There are also some models for more specific sports recommendation services. The NFL produces the RedZone channel to provide fans with a curated viewing experience that jumps around from one NFL game to another based on which teams are currently in the “red zone” — within twenty yards of the end zone — and thus likely to score. Other networks, such as the MLB Network, have copied this model.
TV providers themselves have all been considering a range of new technologies and approaches. Many TV providers (e.g., Comcast Xfinity and DirectTV) are now offering second-screen apps specific to sports to emphasize their sports programming. These apps not only include sports TV listings, but also provide stats and scores with the ability — in some cases — to link directly to the game from the app, but most of these apps assume a fan is watching a game already.
To help drive additional incremental viewership of sports content, TV providers are now exploring even more direct ways to bring fans into sports programming by moving beyond the traditional sports app metaphor (the best example here is Dish Network with its Game Finder and Dish Explorer Apps). These providers offer (or are in the process of offering) sports-specific discovery services that can rate the “excitement level” of sports events as they’re taking place by analyzing everything from the game’s context to social network buzz to in-game play-by-play to Fantasy player performance. These dynamic ratings help create next generation sports programming guides that don’t just sort games by start times, but can also direct viewers to the most exciting sports events in real time. The ratings information and recommendations can be accessed across multiple platforms — first screen (TV), second screen (tablet) or third screen (smartphone) — or delivered to the user through email, text or push notification.
Many sports entertainment stakeholders are betting that the growth in next-generation sports guides will not only provide a significant boost to incremental viewership but will help drive new business models. One such model is pricing that allows for impulse purchases to supplement revenues associated with longer-term subscriptions. Here more fans would pay directly for single events — or all events for a limited time (day or week) — once they find out they want to watch a particular event. Pricing could even modulate based on the amount of time remaining in a competition or the game’s overall excitement rating. While mainstream American sports have been slow to move in this direction, other sports and networks have moved more quickly. Examples include UFC’s pay-per-view MMA fights, Willow TV’s monthly subscription package for watching cricket and SKY TV’s new experiment with daily passes for their NOW TV platform. On top of impulse pricing, we’re not too far away from “impulse” advertising where major brands will also step in to sponsor (and pay more for) live tune-in of exciting events or personalized highlight reels of the prior day’s best action.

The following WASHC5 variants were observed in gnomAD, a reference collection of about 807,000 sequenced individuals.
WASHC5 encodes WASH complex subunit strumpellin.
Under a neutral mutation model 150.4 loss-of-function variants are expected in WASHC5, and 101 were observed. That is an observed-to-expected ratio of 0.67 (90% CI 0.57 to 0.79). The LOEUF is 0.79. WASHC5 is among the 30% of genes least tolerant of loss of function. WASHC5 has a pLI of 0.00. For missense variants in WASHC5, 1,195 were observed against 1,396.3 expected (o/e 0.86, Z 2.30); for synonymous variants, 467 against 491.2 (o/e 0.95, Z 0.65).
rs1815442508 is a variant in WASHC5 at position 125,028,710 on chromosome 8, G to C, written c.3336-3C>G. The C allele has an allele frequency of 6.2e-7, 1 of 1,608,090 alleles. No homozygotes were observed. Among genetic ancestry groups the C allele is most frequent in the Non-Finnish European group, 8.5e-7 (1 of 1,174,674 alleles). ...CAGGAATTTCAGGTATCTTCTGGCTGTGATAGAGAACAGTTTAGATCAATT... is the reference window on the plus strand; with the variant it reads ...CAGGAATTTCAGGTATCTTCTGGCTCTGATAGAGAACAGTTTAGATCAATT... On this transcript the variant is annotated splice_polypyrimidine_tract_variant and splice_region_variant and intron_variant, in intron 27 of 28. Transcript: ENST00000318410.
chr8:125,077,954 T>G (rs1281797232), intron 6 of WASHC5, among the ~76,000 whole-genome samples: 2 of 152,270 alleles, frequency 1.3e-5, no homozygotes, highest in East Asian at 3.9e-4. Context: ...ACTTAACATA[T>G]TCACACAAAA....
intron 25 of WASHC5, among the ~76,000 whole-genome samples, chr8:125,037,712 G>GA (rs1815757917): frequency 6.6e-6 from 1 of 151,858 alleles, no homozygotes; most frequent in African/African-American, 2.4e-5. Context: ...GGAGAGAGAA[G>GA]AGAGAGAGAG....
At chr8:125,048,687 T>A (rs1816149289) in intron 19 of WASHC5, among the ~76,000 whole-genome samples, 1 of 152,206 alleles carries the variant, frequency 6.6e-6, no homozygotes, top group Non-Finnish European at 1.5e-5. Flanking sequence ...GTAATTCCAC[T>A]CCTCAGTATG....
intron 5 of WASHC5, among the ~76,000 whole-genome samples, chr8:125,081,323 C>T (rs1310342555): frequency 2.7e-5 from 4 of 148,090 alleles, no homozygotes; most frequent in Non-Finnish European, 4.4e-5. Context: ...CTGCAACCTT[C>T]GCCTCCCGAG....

So where does this leave today’s sport fans? It could be that it’s both the best of times and worst of times. Fans have more options than ever before to watch sports — from mainstream football and basketball to growing sports like soccer, cycling and track & field. You can watch your favorite sports on almost any platform in any location, and TV providers are investing in technology to help you find and engage in the best sports programming. The downside is that it will cost you more and more, at least as long as sports remains the king of content.
Warren Packard is founder and CEO of Thuuz Sports, the award-winning mobile and connected TV service that is changing how sports fans discover and connect to sports programming. Prior to founding Thuuz, Warren was managing director at the venture capital firm Draper Fisher Jurvetson, where he was lead investor in more than two dozen technology companies and realized eighteen exits.